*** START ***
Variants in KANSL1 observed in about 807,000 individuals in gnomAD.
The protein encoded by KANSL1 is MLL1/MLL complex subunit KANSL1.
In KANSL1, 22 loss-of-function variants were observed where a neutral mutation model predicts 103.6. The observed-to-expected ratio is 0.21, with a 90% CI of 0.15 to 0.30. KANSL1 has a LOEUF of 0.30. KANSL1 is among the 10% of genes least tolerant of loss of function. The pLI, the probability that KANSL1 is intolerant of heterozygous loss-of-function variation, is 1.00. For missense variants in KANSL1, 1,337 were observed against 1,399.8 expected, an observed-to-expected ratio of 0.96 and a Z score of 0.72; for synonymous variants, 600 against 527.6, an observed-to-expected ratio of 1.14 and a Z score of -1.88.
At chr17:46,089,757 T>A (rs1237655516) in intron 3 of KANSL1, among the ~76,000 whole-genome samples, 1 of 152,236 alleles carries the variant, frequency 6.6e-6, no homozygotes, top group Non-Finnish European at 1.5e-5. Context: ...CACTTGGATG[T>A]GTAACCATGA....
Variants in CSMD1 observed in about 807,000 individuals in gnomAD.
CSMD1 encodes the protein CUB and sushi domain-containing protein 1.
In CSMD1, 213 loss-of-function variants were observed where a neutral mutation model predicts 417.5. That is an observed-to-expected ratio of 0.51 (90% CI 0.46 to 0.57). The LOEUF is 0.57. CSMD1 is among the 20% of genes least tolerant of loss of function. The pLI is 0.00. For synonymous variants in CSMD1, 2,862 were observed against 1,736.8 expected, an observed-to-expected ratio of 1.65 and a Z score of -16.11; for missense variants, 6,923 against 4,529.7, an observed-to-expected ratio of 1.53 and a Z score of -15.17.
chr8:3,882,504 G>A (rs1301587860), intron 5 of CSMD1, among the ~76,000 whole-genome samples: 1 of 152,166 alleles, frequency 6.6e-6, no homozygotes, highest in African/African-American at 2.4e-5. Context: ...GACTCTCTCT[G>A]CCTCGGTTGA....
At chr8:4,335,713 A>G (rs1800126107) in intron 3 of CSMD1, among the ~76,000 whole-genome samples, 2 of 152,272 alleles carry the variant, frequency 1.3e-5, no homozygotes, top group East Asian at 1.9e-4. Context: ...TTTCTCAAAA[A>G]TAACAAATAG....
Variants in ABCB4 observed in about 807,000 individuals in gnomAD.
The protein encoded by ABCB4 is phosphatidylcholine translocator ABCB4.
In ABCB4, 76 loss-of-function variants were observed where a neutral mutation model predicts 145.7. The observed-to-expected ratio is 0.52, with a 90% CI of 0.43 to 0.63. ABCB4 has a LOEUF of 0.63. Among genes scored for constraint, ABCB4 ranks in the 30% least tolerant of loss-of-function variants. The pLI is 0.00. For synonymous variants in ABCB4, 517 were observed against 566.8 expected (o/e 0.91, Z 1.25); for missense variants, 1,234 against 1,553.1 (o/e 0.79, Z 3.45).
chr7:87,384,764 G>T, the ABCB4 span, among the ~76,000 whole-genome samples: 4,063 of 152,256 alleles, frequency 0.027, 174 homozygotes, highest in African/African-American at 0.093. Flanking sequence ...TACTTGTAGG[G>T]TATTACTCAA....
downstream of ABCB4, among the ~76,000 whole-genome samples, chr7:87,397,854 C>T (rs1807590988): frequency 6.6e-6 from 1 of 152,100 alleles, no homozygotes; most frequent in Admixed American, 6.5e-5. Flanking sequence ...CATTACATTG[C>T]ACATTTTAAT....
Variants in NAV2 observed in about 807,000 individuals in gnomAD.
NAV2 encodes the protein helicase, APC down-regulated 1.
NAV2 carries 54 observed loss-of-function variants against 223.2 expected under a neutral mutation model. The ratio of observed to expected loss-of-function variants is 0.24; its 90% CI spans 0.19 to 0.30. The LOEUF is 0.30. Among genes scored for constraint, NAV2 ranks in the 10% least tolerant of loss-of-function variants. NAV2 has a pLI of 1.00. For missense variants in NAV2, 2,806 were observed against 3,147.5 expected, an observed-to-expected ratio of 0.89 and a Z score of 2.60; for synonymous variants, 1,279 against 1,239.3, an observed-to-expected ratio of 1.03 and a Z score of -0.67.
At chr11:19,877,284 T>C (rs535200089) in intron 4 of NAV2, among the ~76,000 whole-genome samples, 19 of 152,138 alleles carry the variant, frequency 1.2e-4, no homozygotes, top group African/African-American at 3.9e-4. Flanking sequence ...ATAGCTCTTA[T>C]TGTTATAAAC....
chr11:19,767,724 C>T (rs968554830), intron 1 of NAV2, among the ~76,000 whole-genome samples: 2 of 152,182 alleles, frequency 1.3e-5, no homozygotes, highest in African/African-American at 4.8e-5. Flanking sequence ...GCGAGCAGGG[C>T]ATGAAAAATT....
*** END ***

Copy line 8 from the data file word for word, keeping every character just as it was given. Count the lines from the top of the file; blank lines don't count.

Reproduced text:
chr8:3,882,504 G>A (rs1301587860), intron 5 of CSMD1, among the ~76,000 whole-genome samples: 1 of 152,166 alleles, frequency 6.6e-6, no homozygotes, highest in African/African-American at 2.4e-5. Context: ...GACTCTCTCT[G>A]CCTCGGTTGA....